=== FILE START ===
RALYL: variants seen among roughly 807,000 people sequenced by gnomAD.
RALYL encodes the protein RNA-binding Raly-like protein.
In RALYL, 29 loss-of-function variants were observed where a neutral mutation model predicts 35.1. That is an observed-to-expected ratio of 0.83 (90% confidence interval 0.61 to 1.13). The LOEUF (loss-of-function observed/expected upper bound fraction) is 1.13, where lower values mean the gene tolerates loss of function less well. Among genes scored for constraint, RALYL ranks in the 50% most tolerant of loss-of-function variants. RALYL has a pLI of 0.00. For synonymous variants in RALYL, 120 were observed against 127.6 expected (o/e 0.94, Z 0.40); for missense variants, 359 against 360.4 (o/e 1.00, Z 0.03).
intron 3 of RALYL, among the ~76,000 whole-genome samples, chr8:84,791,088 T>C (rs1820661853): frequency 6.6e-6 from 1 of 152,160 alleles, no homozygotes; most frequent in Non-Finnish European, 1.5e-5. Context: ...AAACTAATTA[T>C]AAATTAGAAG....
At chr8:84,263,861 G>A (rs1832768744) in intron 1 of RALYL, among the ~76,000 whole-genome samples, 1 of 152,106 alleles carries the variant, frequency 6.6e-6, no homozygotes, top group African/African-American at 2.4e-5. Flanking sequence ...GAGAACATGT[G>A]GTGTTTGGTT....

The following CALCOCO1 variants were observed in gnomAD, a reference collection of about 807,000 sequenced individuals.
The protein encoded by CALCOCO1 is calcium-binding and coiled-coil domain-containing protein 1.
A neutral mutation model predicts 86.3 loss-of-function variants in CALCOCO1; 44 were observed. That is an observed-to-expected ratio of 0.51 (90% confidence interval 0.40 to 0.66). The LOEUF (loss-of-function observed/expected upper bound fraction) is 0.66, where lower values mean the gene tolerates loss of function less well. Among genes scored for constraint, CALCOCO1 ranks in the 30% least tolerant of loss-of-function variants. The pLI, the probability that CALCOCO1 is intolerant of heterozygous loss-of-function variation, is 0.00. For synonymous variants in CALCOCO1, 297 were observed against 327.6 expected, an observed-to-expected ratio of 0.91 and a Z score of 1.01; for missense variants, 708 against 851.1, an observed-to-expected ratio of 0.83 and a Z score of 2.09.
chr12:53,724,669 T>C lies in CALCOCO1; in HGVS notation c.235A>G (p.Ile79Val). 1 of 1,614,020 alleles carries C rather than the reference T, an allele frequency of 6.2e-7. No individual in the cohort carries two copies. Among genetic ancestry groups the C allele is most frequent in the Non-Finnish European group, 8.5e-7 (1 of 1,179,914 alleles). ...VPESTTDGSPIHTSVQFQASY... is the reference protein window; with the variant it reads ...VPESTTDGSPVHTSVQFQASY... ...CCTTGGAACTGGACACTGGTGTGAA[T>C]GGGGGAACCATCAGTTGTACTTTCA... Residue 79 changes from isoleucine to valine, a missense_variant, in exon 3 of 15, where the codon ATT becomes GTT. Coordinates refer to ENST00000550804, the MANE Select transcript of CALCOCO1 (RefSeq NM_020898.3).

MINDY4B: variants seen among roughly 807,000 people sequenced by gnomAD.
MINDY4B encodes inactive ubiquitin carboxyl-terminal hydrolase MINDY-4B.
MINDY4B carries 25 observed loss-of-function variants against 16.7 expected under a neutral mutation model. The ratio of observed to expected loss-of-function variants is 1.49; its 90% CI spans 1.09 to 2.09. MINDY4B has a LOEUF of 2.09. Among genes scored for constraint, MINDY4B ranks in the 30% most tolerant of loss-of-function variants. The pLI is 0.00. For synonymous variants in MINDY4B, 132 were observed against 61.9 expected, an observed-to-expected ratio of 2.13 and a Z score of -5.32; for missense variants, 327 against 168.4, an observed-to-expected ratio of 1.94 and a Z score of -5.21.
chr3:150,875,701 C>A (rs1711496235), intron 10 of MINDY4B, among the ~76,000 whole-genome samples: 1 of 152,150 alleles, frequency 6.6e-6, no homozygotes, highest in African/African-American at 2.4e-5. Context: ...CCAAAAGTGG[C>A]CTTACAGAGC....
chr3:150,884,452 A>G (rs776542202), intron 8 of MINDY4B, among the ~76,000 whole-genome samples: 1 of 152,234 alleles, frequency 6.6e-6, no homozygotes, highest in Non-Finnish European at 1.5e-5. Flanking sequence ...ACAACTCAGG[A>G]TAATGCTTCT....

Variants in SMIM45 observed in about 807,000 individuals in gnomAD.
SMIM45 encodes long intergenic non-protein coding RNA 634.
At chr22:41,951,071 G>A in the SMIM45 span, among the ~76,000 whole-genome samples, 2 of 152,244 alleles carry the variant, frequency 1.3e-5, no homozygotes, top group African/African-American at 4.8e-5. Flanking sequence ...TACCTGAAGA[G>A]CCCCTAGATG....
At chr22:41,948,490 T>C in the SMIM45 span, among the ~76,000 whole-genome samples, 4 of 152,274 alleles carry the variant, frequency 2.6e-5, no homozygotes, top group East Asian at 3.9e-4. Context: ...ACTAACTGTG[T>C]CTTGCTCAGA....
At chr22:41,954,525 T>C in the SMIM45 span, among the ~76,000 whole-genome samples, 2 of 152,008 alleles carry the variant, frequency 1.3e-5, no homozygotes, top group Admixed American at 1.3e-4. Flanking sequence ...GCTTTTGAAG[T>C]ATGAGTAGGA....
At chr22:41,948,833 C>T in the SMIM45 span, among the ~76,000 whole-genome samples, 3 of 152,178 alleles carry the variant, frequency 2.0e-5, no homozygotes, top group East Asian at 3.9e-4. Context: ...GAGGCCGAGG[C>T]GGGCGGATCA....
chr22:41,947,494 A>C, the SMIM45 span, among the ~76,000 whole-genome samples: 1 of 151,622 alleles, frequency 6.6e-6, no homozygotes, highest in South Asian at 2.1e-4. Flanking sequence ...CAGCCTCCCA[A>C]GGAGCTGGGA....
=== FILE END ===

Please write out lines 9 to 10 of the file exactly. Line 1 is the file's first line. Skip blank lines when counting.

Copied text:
chr12:53,724,669 T>C lies in CALCOCO1; in HGVS notation c.235A>G (p.Ile79Val). 1 of 1,614,020 alleles carries C rather than the reference T, an allele frequency of 6.2e-7. No individual in the cohort carries two copies. Among genetic ancestry groups the C allele is most frequent in the Non-Finnish European group, 8.5e-7 (1 of 1,179,914 alleles). ...VPESTTDGSPIHTSVQFQASY... is the reference protein window; with the variant it reads ...VPESTTDGSPVHTSVQFQASY... ...CCTTGGAACTGGACACTGGTGTGAA[T>C]GGGGGAACCATCAGTTGTACTTTCA... Residue 79 changes from isoleucine to valine, a missense_variant, in exon 3 of 15, where the codon ATT becomes GTT. Coordinates refer to ENST00000550804, the MANE Select transcript of CALCOCO1 (RefSeq NM_020898.3).

MINDY4B: variants seen among roughly 807,000 people sequenced by gnomAD.